On a Thursday evening back in January, a panel of female caregivers (Savannah Ross, Shannon Parker, Kim McLeod, Catherine Corey and Julie Drury) gathered to offer their stories and wisdom on how they have coped with care giving. The following are their tips.
1. Get up every day, look outside and smile. Put one foot in front of the other and remember to smile throughout the day.
2. Take time off for yourself away from your children. So many parents resist this, yet we discovered that children need time off from us as well. They need their space too. So do it for them, if not for you.
3. Ask for help and open yourself to graciously receive it. Know that asking for help is a sign of strength and not weakness. You don’t need to be a superwoman, just be your beautiful magnificent self.
4. Art has some amazing healing qualities. You don’t have to be an artist and know how to draw. Purpose is simply to ‘‘let go’’ and engage your imagination. Be playful!
5. If you have a child with complex medical needs, make a quick reference booklet or cheat sheet of the information to use at triage at the emergency room, during meetings and when your child is going to be in any new environment. Being organized will help you avoid the stress of repeating yourself and your child’s history to multiple people.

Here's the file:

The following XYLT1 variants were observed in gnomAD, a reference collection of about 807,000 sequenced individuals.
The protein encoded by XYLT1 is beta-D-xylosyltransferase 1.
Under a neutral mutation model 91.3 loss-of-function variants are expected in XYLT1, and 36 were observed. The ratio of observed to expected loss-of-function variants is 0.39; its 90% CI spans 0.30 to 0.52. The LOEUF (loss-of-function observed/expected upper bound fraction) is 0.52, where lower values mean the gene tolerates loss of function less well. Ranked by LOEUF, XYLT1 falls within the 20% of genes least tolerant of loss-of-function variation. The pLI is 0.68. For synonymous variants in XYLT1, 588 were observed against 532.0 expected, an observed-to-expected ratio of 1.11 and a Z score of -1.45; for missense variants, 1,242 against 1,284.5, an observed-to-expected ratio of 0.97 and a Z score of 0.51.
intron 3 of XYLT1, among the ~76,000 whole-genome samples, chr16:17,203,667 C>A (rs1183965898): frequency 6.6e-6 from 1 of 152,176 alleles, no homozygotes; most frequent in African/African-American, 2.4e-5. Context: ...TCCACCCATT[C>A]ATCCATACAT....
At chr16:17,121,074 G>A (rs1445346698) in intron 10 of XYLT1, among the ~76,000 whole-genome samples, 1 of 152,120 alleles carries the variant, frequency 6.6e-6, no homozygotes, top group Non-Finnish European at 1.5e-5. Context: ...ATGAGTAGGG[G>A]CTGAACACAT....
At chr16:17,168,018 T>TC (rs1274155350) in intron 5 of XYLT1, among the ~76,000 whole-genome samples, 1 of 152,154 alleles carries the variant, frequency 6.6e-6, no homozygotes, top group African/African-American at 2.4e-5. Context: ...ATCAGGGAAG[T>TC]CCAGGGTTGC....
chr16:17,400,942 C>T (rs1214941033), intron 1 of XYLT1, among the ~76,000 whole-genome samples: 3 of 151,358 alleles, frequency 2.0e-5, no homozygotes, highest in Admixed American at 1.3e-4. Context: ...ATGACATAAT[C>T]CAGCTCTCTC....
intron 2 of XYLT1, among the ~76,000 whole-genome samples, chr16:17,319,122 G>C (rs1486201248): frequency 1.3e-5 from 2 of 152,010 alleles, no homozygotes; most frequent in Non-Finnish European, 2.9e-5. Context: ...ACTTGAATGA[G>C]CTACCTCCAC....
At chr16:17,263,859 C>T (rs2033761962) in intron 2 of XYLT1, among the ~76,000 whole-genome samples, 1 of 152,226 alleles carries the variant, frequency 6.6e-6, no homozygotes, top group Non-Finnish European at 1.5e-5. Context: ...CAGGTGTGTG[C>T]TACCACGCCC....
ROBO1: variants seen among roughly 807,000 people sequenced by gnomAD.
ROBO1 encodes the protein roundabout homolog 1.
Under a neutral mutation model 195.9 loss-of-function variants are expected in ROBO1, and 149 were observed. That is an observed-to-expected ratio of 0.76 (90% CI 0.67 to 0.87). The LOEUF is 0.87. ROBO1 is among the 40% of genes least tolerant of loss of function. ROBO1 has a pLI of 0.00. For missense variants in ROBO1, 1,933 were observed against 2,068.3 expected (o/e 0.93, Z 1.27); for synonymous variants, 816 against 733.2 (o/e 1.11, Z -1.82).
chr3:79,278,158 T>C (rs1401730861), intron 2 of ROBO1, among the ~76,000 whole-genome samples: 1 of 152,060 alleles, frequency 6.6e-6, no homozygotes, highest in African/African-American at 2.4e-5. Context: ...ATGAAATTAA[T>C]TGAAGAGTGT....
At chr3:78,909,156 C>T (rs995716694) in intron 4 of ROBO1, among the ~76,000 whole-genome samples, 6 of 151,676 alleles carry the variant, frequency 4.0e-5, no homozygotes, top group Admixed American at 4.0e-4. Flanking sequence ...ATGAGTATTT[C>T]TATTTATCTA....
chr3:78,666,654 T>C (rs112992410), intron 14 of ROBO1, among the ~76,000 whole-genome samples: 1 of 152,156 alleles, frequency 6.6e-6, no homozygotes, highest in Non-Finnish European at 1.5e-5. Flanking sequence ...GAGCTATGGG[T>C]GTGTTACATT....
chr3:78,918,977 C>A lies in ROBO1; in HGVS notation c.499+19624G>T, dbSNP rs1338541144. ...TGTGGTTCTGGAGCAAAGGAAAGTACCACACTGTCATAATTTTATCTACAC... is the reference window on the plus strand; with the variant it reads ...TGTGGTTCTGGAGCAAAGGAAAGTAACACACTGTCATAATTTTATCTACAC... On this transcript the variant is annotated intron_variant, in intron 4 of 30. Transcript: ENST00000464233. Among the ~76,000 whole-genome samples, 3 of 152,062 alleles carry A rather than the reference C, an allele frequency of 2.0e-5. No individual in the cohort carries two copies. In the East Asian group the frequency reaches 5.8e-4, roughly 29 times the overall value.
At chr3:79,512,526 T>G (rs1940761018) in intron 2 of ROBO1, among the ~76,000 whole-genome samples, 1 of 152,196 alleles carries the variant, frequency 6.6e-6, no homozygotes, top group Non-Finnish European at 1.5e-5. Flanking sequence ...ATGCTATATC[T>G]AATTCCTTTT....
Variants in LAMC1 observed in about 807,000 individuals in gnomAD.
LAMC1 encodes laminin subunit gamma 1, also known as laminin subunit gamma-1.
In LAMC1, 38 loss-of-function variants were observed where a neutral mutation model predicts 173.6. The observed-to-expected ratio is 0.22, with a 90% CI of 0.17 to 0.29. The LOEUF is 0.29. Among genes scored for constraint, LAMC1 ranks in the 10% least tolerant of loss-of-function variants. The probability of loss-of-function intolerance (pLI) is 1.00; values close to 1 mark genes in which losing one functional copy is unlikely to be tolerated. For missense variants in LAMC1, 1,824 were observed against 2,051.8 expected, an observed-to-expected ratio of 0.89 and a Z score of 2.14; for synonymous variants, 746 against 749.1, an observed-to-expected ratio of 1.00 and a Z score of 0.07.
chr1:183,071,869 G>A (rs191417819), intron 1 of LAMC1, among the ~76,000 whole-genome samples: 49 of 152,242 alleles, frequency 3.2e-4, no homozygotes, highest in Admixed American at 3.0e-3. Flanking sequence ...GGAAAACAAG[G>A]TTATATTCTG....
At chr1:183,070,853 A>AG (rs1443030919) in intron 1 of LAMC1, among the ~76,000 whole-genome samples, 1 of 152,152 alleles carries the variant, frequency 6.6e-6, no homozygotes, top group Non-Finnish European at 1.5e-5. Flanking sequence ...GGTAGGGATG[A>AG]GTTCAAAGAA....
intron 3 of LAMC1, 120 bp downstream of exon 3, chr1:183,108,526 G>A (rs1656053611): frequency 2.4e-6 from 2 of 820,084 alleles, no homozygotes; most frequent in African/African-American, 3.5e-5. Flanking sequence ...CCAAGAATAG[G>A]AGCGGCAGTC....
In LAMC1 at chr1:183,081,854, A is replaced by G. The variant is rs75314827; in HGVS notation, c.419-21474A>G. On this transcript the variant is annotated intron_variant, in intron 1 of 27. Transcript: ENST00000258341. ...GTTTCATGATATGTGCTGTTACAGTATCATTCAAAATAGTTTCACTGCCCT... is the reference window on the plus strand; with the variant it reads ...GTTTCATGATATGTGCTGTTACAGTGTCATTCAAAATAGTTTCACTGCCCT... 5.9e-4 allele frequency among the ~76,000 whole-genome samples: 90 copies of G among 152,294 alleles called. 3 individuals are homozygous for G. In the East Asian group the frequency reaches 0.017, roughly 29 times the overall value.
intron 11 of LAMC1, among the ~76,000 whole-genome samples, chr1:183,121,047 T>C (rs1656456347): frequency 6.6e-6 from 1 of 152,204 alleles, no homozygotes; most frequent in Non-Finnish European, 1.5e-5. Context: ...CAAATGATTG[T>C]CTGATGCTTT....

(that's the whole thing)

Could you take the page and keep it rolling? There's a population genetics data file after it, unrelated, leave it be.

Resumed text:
6. Be organized and embrace the role of coordinator. You still need to motivate and coordinate your medical, community and school teams. Keeping a journal or log of every meeting; organizing reports and records at home; and maintaining a medical binder are all essential to your sanity. These strategies ensure that your teams have critical information in a timely manner.
7. Carve out time for yourself. Physical activity can help to keep you mentally and physically strong, social activities can help you to feel less isolated, spiritual time or time to meditate can help to refresh you.
8. Find a community. It is hard for parents of children with special needs to connect with others when it comes to their day-to-day lives. It is hard for others with ‘typical’ children to understand and appreciate what we go through. There are support groups and networks out there; engage with them and try them out until you find one that can work for you.
9. Take “time-outs”. If possible, try to step away from the busy-ness of hospital clinics, appointments with therapists and home therapy. Choose a time in the year when you can slow down the pace for your child, yourself and your role as a caregiver at home.
Compiled by Kim McLeod, Facilitator
One More Thing!